I recently submitted my first bug report to the Debian Project, regarding mod_dav and apache2. It was accepted by the maintainers of the relevant packages, and they’re taking the necessary steps to fix it.
So I’m proud of my little contribution. 🙂 Yay for me! Yay for Debian!
I recently discovered an awesome blog about Python, Linux, and System Administration. Chris Siebenmann is a sysadmin for the University of Toronto Unix Systems Group. I could spend hours reading his archives. Smart guy. Articles are short and informative to the max. Hope you enjoy it:
When a cron job generates output on either stdout or stderr, the output gets mailed to the owner of the crontab. Now, you can specify an alternative email address by setting the
MAILTO environment variable in the crontab, but this applies to all jobs in the crontab.
So, if you want the output of different jobs to get mailed to different users, then you can just redirect the stdout and stderr of each job to the mail command like this:
13 02 * * * /bin/backup 2>&1 | /usr/bin/mail -s "Cron <root@exobox> /bin/backup" \
“mtr combines the functionality of the traceroute and ping programs in a single network diagnostic tool.” And it’s really cool.
Like ping, it sends “echo” packets from your machine to the target machine to measure latency and packet loss along the network path, but it continuously displays updated statistics in real time as it operates.
Like traceroute, it shows the names or IP addresses of each machine along the network path, also updating these statistics for each machine.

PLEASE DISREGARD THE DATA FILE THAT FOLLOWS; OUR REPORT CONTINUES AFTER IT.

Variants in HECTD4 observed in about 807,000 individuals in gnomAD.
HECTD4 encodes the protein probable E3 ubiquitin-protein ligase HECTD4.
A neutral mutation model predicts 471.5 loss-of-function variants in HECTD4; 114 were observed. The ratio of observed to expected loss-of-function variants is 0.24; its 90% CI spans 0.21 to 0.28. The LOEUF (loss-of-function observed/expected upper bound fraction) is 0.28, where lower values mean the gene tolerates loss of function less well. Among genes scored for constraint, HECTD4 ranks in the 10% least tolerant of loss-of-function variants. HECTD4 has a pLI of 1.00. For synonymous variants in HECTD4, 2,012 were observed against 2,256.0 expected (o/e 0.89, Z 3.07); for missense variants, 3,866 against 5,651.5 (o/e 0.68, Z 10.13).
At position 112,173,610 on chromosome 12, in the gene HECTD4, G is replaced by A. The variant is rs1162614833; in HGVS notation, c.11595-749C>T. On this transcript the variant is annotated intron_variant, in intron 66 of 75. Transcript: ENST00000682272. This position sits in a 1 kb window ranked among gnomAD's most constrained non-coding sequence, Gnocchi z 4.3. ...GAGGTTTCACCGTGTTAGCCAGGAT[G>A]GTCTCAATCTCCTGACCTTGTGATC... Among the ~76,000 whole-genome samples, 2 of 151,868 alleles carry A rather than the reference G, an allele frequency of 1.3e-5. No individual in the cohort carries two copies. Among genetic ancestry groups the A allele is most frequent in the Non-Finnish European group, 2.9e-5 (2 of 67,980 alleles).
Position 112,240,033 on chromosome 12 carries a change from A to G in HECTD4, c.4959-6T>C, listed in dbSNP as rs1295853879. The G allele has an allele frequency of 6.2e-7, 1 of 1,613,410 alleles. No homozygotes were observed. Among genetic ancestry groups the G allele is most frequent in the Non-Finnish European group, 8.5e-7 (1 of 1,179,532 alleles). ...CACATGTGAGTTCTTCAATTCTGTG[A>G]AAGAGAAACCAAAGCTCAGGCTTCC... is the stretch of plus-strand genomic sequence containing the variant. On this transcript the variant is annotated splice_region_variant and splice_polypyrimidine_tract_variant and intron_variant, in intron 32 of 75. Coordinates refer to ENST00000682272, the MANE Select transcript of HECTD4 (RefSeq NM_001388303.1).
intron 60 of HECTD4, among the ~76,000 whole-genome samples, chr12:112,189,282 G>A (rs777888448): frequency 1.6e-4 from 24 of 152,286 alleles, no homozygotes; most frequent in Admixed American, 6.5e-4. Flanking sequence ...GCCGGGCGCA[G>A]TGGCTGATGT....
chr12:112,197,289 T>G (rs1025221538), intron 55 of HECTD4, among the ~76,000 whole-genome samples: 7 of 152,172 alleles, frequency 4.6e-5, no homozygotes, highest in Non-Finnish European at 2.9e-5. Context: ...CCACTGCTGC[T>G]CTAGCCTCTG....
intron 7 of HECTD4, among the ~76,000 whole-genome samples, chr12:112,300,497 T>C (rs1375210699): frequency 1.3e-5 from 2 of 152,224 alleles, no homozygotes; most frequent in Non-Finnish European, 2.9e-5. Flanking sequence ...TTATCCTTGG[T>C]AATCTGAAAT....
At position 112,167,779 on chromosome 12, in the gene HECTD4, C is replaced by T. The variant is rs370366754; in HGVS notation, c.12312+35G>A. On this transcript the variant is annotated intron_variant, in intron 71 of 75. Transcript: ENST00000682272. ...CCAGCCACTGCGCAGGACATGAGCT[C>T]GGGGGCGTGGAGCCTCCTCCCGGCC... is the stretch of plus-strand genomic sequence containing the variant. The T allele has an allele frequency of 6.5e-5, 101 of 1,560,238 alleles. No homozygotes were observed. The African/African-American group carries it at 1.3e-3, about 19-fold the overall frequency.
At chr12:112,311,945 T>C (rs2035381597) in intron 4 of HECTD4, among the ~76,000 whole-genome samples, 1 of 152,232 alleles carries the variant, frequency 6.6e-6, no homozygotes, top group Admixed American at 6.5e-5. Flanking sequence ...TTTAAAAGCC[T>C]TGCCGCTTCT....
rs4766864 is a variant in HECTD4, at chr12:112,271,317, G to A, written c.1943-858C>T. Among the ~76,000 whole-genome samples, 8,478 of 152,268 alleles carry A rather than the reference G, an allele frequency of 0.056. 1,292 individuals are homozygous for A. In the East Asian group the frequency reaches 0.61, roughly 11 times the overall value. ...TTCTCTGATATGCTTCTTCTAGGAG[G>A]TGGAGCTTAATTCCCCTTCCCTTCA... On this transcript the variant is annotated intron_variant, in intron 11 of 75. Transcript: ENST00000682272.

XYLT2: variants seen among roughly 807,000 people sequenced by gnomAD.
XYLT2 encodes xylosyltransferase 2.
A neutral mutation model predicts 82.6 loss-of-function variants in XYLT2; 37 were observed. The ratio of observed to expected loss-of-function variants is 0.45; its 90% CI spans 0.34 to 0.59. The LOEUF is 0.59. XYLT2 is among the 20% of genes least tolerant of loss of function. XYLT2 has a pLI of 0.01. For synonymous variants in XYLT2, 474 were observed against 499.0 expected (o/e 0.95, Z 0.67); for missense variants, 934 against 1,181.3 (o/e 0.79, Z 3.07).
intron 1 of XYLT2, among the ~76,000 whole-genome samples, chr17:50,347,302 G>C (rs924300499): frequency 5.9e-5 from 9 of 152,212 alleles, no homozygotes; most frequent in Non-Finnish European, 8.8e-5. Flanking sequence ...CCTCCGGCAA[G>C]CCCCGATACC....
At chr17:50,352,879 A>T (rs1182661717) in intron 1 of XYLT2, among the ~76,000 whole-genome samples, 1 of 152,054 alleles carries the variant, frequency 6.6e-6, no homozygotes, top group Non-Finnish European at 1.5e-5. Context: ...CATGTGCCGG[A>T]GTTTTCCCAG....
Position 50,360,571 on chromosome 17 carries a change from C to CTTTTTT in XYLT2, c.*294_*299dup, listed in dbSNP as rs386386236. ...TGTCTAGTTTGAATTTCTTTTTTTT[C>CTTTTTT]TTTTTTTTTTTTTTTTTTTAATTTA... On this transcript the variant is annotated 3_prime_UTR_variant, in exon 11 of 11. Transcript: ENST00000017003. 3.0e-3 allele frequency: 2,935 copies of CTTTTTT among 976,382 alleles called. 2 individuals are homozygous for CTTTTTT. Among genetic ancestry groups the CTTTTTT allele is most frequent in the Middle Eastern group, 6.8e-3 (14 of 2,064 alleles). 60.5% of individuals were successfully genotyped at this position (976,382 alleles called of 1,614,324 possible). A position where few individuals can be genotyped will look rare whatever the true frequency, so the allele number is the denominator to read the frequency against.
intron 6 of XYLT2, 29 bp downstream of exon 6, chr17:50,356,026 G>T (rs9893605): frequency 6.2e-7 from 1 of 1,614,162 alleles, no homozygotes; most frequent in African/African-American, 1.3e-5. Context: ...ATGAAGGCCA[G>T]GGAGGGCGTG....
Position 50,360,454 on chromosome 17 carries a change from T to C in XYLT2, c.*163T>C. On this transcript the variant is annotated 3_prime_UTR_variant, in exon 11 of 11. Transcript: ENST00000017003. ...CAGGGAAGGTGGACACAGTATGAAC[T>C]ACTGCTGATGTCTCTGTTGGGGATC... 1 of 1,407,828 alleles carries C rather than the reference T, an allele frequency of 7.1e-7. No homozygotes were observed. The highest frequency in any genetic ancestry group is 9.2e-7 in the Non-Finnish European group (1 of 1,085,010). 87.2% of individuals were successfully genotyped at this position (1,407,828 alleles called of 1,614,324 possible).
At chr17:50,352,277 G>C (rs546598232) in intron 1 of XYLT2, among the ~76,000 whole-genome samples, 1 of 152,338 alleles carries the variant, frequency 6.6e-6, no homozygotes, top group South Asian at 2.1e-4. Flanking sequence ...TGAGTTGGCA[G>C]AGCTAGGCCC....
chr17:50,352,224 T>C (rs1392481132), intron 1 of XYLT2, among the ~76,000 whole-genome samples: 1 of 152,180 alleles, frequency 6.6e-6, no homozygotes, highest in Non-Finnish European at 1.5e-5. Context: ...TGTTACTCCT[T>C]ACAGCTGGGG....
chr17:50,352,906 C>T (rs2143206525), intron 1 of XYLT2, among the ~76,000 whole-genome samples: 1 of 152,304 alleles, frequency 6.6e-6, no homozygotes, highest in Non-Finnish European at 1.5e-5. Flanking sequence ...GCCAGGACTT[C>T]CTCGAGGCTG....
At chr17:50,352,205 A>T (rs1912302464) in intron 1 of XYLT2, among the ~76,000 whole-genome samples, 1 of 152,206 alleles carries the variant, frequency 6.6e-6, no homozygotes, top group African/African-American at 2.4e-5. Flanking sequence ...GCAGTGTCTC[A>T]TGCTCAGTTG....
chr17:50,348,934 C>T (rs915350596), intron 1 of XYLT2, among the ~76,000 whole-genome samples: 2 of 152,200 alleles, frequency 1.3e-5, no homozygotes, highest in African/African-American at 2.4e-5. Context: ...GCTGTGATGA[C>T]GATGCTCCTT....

Here’s some (frozen) sample output from the ncurses mode (terminal mode) mtr:
My traceroute [v0.71]
exobox (0.0.0.0) Thu Dec 21 16:15:01 2006
Keys: Help Display mode Restart statistics Order of fields quit
Host Loss% Snt Last Avg Best Wrst StDev
1. 0.0% 20 0.4 0.3 0.2 0.7 0.1
2. 0.0% 20 1.6 1.4 1.0 2.7 0.4
3. 0.0% 19 1.3 1.3 1.0 2.7 0.4
4. 10.0.0.25 0.0% 19 1.1 1.2 1.0 2.7 0.4
5. 18.104.22.168 0.0% 19 1.4 2.6 1.2 16.0 3.3
6. bj141-130-121.bjtelecom.net 0.0% 19 1.4 1.6 1.4 2.5 0.3
7. 22.214.171.124 0.0% 19 199.3 12.0 1.3 199.3 45.4
8. 126.96.36.199 0.0% 19 1.7 35.7 1.3 186.5 56.2
9. 188.8.131.52 0.0% 19 1.8 2.0 1.5 4.8 0.8
10. 184.108.40.206 0.0% 19 284.6 292.2 278.3 305.8 8.7
11. so-4-0-0.mpr2.lax9.us.above.net 15.8% 19 286.2 291.9 278.6 325.2 11.5
12. so-5-0-0.mpr1.iah1.us.above.net 15.8% 19 313.2 323.8 311.3 340.5 8.6
13. so-5-3-0.cr1.dfw2.us.above.net 5.3% 19 319.6 331.1 314.1 404.6 20.3
14. so-0-0-0.cr2.dfw2.us.above.net 11.1% 19 696.0 718.7 693.3 797.2 33.7
15. so-3-1-0.cr2.dca2.us.above.net 36.8% 19 347.4 354.9 342.5 368.7 8.6
16. so-0-1-0.mpr1.lhr3.uk.above.net 11.1% 19 421.5 423.6 411.1 438.2 7.8
17. so-1-0-0.mpr3.ams1.nl.above.net 11.1% 19 433.9 438.9 422.4 514.1 22.0
18. DutchDSL.above.net 33.3% 19 423.1 432.7 418.7 463.0 11.4
19. ge-0-1-0-v189.rtr1.ams-rb.io.nl 27.8% 19 405.8 414.7 398.2 434.6 11.6